The Rangers do it another way. Corey Seager and Marcus Semien are as good as ever, but catcher Jonah Heim, third baseman Josh Jung, right fielder Adolis García, and outfielder Ezequiel Durán have made the Rangers’ lineup baseball’s deepest. “It’s a lot of fun to watch these guys,” Rangers manager Bruce Bochy told reporters. “They’re just throwing out great at bats, they’re taking their walks, good two-strike hitting. A lot of good things happening throughout the lineup. . . . It’s been everybody. You know the front end [of the lineup]—you know how good they are. But the back end is just doing a great job.”

The Rangers have scored ten runs or more twelve times this season, most in the majors. Their fifteen victories by at least five runs are also the most in the majors. “This lineup is really good,” Seager said, “and hitting is contagious. Everybody wants to pass the baton and keep moving. That’s all we’re trying to do.”

Durán was acquired from the New York Yankees two summers ago in the trade that sent popular slugger Joey Gallo north. The 24-year-old’s first real chance to play came when he was inserted at shortstop after Seager was injured. He hit five home runs in eighteen games and hit the ball so hard that Bochy was forced to find a spot for him even after Seager returned to the lineup last week. Durán is now the Rangers’ everyday designated hitter.

“He’s got a gift, and that’s getting the barrel on the ball,” Bochy said. “Just consistently hard contact. And he’s a smart hitter. I think he sees what pitchers are trying to do. He’s adjusted on the fly, which you like to see from a young kid. He has shown good discipline up there, and he’s using the whole field. He’s just mature beyond his years.”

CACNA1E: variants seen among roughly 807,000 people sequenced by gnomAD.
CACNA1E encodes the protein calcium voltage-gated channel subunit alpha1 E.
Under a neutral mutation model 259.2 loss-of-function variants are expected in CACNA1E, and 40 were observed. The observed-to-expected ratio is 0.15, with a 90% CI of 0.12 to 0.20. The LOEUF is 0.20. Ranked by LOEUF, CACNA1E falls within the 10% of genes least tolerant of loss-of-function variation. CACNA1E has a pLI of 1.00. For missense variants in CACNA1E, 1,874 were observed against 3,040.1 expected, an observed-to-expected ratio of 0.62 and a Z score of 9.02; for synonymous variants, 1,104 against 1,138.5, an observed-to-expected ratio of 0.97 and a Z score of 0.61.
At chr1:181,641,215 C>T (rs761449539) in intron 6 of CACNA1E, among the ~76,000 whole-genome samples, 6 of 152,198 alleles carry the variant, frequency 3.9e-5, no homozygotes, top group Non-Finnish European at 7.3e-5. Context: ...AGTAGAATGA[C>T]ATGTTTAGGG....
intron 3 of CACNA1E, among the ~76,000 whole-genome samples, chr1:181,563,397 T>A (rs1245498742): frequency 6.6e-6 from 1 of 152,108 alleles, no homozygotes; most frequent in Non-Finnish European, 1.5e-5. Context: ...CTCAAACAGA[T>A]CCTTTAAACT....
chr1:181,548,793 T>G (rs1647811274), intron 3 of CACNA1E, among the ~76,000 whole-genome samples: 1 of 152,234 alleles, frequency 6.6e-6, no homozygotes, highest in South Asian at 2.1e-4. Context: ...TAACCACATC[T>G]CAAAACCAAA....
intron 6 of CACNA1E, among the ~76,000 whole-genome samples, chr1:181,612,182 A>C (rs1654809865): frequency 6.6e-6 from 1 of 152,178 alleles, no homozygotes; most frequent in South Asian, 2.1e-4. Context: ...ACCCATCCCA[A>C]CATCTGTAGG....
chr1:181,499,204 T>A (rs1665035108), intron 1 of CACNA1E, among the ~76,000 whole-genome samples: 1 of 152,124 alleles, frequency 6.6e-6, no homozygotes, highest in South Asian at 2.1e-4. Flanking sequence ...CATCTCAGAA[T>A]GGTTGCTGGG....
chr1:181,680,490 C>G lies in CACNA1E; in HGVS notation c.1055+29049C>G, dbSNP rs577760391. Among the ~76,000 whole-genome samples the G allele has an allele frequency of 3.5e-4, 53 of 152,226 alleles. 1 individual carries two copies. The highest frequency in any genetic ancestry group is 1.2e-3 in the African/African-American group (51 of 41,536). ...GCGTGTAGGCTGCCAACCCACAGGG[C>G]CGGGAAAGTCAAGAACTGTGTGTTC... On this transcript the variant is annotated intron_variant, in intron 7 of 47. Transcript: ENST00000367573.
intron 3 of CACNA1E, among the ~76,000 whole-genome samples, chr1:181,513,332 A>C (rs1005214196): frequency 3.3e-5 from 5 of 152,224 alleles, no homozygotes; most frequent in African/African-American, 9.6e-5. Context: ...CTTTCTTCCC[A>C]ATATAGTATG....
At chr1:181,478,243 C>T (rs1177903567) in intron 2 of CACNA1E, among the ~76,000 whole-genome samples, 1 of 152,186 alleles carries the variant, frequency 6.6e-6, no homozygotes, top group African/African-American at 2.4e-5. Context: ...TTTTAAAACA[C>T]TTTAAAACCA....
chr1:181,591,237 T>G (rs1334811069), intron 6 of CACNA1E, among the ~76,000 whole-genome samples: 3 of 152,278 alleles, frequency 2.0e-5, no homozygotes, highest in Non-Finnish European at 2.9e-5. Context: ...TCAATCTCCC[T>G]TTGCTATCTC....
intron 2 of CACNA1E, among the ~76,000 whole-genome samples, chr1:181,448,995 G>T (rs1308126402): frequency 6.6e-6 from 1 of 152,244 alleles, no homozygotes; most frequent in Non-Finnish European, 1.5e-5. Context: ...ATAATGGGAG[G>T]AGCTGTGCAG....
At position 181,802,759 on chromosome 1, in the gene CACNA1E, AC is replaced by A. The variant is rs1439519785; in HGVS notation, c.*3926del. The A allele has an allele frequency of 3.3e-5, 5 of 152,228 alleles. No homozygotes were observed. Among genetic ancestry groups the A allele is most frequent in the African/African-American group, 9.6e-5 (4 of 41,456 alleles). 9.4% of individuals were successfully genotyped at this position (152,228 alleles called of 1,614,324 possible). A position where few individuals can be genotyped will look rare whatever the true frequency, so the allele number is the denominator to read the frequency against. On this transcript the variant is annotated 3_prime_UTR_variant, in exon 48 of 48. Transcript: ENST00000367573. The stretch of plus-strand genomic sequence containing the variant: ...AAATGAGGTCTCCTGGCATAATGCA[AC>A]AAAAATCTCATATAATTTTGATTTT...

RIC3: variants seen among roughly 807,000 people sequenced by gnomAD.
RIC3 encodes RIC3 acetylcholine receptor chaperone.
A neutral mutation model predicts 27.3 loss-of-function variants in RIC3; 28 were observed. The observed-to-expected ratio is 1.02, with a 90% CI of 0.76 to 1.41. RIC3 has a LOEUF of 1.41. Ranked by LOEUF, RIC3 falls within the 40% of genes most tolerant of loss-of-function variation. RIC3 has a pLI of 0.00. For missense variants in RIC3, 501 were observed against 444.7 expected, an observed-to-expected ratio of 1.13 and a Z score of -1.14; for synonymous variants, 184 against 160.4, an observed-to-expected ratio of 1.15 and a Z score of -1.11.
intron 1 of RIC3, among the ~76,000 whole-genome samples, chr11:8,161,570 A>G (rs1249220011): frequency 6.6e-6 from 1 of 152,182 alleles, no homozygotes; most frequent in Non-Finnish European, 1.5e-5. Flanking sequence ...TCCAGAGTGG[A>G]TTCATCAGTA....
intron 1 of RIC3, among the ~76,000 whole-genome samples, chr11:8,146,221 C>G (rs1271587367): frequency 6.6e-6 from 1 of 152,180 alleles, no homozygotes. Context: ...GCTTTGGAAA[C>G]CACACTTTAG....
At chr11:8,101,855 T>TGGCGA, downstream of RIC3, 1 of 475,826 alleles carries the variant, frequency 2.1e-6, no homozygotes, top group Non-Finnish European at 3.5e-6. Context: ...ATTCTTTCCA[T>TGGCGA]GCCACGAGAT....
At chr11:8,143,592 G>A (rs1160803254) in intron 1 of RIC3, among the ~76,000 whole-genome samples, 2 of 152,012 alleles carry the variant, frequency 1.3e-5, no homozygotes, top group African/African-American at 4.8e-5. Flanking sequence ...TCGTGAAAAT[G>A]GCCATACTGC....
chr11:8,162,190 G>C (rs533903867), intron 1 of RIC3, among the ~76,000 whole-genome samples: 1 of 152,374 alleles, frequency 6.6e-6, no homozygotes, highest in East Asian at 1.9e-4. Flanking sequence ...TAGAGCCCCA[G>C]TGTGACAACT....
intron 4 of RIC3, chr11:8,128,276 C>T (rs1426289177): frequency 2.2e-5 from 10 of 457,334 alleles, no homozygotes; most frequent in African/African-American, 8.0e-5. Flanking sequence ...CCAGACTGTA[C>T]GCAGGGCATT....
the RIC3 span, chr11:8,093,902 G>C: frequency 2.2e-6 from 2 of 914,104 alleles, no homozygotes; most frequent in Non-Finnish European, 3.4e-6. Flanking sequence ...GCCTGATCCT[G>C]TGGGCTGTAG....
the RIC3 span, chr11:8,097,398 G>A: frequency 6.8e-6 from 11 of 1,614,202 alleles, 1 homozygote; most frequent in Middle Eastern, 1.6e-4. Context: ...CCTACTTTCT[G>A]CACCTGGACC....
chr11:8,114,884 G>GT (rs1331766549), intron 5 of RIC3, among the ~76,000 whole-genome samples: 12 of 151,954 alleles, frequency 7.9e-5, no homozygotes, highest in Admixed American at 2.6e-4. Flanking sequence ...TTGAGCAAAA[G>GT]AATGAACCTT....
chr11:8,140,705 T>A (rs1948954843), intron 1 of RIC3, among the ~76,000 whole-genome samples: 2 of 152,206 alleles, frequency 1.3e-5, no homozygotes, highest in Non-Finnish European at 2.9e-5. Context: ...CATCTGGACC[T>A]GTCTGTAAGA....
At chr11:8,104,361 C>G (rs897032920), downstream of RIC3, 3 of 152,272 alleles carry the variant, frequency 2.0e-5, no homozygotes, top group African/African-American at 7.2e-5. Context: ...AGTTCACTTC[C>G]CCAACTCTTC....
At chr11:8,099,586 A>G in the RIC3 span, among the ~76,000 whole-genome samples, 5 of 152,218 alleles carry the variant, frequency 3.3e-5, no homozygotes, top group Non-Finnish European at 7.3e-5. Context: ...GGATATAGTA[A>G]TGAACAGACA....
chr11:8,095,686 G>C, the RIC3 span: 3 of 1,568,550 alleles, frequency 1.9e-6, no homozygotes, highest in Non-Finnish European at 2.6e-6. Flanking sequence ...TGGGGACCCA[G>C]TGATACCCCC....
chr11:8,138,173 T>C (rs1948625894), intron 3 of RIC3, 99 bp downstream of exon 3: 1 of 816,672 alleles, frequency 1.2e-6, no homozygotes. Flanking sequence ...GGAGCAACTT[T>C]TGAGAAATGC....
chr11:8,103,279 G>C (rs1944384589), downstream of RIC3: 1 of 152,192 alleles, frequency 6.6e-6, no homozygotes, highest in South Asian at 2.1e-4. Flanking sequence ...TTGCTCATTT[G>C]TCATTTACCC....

Problem is, way too often after Durán and the rest of the Rangers’ batters build a lead, the Texas bullpen coughs it up. The Rangers have lost six games after taking a lead into the seventh inning or later. If the division race remains tight in September, those defeats could loom large. “We’ve got to have somebody step up,” Bochy told reporters after a pair of Texas relievers allowed five earned runs in the seventh inning against Pittsburgh on Monday. “I don’t know what else to say, but that’s what we’re doing, is trying to get these guys on track. . . . We’ve got to get this thing in order, because we’re a team that scores runs, but we’ve got to find a way to win some of these close ones, too.”

One year after shelling out contracts totaling $500 million to shortstop Corey Seager and second baseman Marcus Semien, the Rangers rebuilt their starting rotation by spending $264 million on pitchers Jacob deGrom, Nathan Eovaldi, Andrew Heaney, and Martin Pérez. DeGrom was the big get, signing for $185 million over five years after nine seasons with the New York Mets, during which he won National League Cy Young Awards in 2018 and 2019. But deGrom was a gamble because injuries sidelined him for chunks of the previous two seasons, and he made just six starts for the Rangers before a cranky right elbow sent him back to the injured list, with no clear indication when he’ll pitch again.

But right-handers Eovaldi and Jon Gray have been excellent, and deGrom’s injury has given right-hander Dane Dunning, once a top prospect with the Chicago White Sox, a chance to show he belongs. In four starts this month, he has ridden a new and improved cutter to a 1.59 ERA. But unless the Rangers can improve their bullpen, they may not have enough to make a deep postseason run, despite the nightly fireworks display from the offense.    

“This is close to what I was hoping,” Bochy said. “I wanted us to get off to a good start. I thought that was important. . . . I think if you had told me that we were going to lose some key players like we did, then I’m really happy with where we’re at.”